Monday, September 23, 2013
Track of the Week: The Monkees, "Pleasant Valley Sunday"
I picked up the most recent issue of Weird N.J. yesterday, and was interested to find out that songwriters Carole King and Gerry Goffin had lived for a time in suburban West Orange, New Jersey. I was even more intrigued by the fact that "Pleasant Valley Sunday," one of the hits they penned for the Monkees, was inspired by West Orange, and Pleasant Valley Way in particular. This fact hit home, since my wife and I are in the process of looking for homes, and it is likely that we will soon be leaving Newark's urban grit for the leafier environs of suburban Essex County.
It's a move that I am deeply ambivalent about, and my feelings can be neatly summed up by listening to "Pleasant Valley Sunday." The song details a lazy weekend day in suburbia marked by consumerism, boredom, and complacency. The narrator concludes, "I need a change of scenery," which is evidently what Gerry Goffin thought at the time about West Orange. I am a little ashamed to admit this, but I was into the Monkees before I liked the Beatles, and this song was one of the first social commentary songs that I "got." Even as an eleven-year old, I understood the message loud and clear.
As I aged into my teen years, I began to eagerly await the day I would leave my rural hometown and live a more bohemian lifestyle. I read the Beats and Hunter S. Thompson, and even though I didn't drink or smoke weed or rebel in any real outward way, I saw myself living an unconventional life where I would be as likely to become a suburban homeowner as I would to become the king of France. Currently I live in a densely populated immigrant neighborhood in a city that has become a byword for blight where the local white suburbanites fear to tread, so I guess I accomplished my mission.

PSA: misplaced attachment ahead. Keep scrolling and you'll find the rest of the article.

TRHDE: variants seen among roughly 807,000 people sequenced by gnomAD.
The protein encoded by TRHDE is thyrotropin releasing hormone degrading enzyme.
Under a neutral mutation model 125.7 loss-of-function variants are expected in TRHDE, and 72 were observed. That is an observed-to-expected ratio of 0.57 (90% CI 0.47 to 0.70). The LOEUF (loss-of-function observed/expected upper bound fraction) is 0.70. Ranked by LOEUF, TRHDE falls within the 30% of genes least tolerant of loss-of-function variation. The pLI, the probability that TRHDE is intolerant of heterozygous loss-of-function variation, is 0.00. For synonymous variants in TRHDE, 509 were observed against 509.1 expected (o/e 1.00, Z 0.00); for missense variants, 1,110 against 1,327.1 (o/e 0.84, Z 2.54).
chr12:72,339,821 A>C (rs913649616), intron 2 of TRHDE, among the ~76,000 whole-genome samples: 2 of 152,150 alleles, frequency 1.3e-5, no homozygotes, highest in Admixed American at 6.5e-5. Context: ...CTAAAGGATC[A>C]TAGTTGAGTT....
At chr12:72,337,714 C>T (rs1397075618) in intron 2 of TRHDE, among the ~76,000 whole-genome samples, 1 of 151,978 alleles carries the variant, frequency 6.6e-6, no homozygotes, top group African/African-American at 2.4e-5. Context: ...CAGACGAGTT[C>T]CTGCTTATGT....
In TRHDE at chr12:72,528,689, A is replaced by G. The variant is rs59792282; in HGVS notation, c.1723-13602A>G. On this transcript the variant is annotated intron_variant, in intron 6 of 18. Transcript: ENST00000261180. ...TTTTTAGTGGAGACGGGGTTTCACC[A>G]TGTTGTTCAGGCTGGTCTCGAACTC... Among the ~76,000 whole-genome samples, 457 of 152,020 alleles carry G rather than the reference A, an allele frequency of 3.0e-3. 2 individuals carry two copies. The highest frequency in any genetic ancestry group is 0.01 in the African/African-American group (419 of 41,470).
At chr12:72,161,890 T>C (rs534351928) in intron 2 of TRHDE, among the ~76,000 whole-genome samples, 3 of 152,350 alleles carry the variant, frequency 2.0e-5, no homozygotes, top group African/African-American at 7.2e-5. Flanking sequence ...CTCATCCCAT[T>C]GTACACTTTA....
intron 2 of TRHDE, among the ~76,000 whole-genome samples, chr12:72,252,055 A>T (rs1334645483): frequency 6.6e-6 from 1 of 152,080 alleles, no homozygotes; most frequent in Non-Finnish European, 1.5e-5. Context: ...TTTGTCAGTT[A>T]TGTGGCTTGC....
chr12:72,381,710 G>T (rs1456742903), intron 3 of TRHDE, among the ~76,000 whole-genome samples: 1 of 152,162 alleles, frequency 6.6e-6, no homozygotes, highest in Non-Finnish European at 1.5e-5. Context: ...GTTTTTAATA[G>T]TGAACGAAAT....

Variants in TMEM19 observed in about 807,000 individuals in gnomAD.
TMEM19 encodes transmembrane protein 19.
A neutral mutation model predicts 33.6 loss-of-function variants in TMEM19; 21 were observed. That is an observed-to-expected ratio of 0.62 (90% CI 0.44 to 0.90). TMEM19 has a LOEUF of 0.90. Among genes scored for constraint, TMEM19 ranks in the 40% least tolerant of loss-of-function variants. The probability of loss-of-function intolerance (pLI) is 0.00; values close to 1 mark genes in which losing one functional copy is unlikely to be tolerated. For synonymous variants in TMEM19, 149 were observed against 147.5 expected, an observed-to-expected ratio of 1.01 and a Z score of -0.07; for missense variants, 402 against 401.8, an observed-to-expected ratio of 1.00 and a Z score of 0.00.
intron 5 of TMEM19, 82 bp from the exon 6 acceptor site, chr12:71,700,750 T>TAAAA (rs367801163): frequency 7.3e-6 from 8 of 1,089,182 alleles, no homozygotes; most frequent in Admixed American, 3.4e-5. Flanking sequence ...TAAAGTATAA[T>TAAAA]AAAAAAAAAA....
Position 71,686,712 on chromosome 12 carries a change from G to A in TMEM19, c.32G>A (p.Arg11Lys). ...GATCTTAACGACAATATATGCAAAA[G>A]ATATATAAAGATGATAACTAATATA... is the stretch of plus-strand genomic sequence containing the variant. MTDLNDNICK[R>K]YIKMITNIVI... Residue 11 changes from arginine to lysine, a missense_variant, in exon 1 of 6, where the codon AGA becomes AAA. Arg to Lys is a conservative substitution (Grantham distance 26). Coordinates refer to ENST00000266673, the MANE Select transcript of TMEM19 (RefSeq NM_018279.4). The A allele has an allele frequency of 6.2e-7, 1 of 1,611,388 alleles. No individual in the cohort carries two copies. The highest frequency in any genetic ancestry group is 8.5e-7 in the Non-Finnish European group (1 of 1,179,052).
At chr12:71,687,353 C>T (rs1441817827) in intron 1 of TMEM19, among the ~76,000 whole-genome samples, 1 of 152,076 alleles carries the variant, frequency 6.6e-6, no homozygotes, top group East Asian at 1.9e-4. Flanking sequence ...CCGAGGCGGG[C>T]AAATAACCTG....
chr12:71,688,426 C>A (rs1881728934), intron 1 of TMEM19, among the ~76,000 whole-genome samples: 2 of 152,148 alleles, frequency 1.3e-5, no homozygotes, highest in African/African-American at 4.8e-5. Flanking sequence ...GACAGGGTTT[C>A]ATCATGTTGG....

It's not sustainable, though. My wife used to live in our apartment by herself, now we've got the two of us, two children, a dog and a cat. It's simply way too cramped to stay here, and buying in this neighborhood is surprisingly pricey. I'd love to move to New York City, but the state law mandating that New Jersey teachers must live in state is an impediment, as well as the fact that NYC is becoming a playground for the wealthy where it is simply too expensive for two teachers to have a middle class family and live a tolerable life. So we look west to the suburbs, where I hope to at least find a tribe of like-minded people there who don't buy into the values of "status symbol land"so that I won't be left looking for a "change of scenery."